John de Crevecoeur's "What Is an American- and in James Baldwin's "The Discovery of What It Means to Be an American- one of the most profound themes that try to define America is the role of American citizen's effort to distinguish themselves from European citizens. .
In de Crevecoeur's essay his writing style tries to advertise American society by describing the life of an individual American, and comparing it to the European lifestyle. In the first part of his essay, de Crevecoeur describes American identity: .
"Here he beholds fair cities, substantial villages, extensive fields, and immense country filled with decent houses, good roads, orchards, meadows, and bridges, where an hundred years ago all was wild, woody and uncultivated! What a train of pleasing ideas this fair spectacle must suggest; it is a prospect which must inspire a good citizen with the most heartfelt pleasure-. .
This excerpt shows how de Crevecoeur tries to sell America by describing it as being a new land to be free and that, "Here individuals of all nations are melted into a new race of men, whose labors and posterity will one day cause great changes in the world-. De Crevecoeur also states in his essay that Americans are European decedents who leave behind them all ancient prejudices and mannerisms, and establishes new ones from the new mode of life that they have embraced, the new government they obey, and the new rank they hold. This depicts de Crevecoeur thoughts on how American society is superior to that then of the European society. On the opposing end are James Baldwin and his essay "The Discovery of What It Means to Be an American-. .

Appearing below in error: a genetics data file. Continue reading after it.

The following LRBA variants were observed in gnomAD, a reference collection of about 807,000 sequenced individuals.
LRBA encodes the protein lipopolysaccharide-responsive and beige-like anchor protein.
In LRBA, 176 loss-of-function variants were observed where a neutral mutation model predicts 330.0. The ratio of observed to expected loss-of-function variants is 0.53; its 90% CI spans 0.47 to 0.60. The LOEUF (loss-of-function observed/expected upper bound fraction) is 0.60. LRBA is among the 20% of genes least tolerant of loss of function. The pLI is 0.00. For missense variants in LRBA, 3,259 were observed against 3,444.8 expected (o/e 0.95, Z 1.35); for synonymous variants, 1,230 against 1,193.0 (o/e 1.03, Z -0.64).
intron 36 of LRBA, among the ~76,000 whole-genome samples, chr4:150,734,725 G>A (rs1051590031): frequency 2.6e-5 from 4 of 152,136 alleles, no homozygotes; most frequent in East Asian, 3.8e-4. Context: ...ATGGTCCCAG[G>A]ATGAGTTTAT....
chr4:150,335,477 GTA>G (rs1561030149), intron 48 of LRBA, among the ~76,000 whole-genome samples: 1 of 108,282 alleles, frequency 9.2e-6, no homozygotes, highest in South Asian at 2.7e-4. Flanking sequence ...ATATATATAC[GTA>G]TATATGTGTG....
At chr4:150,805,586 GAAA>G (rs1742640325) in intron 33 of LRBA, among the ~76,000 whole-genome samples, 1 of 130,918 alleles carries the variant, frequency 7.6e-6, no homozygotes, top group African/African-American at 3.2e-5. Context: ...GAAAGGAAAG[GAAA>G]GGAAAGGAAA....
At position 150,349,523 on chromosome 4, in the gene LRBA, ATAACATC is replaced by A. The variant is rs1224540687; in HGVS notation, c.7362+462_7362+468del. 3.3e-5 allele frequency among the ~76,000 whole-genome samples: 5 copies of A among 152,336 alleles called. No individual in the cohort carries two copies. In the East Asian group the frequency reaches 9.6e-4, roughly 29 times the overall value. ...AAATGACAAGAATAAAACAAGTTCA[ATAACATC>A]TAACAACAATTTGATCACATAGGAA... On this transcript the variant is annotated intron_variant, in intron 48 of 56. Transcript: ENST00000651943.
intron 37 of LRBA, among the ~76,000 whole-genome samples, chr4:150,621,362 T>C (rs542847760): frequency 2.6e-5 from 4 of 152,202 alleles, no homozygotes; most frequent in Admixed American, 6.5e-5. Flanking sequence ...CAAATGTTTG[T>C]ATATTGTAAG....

Baldwin's view of American identity is different to that of de Crevecoeur. Baldwin feels that America and all of its unique traits cause it to be undefined and not as pleasant as de Crevecoeur depicts it to be. In 1948 Baldwin made his home primarily in France, and in 1961 he wrote, "The Discovery of What it means to be an American-.